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Effective Conservation ScienceData Not Dogma$
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Peter Kareiva, Michelle Marvier, and Brian Silliman

Print publication date: 2017

Print ISBN-13: 9780198808978

Published to Oxford Scholarship Online: December 2017

DOI: 10.1093/oso/9780198808978.001.0001

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PRINTED FROM OXFORD SCHOLARSHIP ONLINE (oxford.universitypressscholarship.com). (c) Copyright Oxford University Press, 2021. All Rights Reserved. An individual user may print out a PDF of a single chapter of a monograph in OSO for personal use. date: 06 May 2021

Genetically modified crops

Genetically modified crops

Frankenfood or environmental boon?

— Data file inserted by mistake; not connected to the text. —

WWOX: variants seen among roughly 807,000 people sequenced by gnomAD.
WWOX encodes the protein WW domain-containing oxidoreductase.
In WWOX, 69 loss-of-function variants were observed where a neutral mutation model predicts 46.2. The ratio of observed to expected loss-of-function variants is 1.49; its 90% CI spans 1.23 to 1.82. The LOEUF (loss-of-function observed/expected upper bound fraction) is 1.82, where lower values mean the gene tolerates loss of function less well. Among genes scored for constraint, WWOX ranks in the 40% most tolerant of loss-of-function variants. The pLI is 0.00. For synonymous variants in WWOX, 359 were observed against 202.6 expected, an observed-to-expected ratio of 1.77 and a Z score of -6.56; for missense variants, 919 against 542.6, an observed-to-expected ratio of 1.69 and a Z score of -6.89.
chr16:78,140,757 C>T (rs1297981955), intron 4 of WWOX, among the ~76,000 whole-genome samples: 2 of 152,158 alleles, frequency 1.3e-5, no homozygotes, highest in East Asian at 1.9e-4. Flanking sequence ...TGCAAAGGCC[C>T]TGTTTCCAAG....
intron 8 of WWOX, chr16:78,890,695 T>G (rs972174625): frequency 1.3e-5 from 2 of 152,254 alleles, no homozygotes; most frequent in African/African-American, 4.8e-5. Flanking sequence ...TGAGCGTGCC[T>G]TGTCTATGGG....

(p.104) Chapter 16 Genetically modified crops
Effective Conservation Science

Michelle Marvier

Oxford University Press

This chapter explores ongoing debates surrounding the environmental safety of genetically modified (GM) crops. Systematic review and meta-analysis provide convincing evidence that Bt crops are safer than insecticides for non-target invertebrate species, such as honeybees and ladybird beetles. In addition, widespread adoption of Bt crops has resulted in reduced use of insecticides and other benefits for the environment. Despite such evidence, there remains a substantial opinion gap between the general public and scientists regarding the safety of GM crops. While systematic review and meta-analysis can help to correct for bias in environmental and conservation science, the oversimplification of environmental issues into blackand- white dichotomies such as pro- versus anti-GM crops can stymie the adoption of genuine solutions.

Keywords:   genetically modified crops, Bt crops, meta-analysis, systematic review, non-target species

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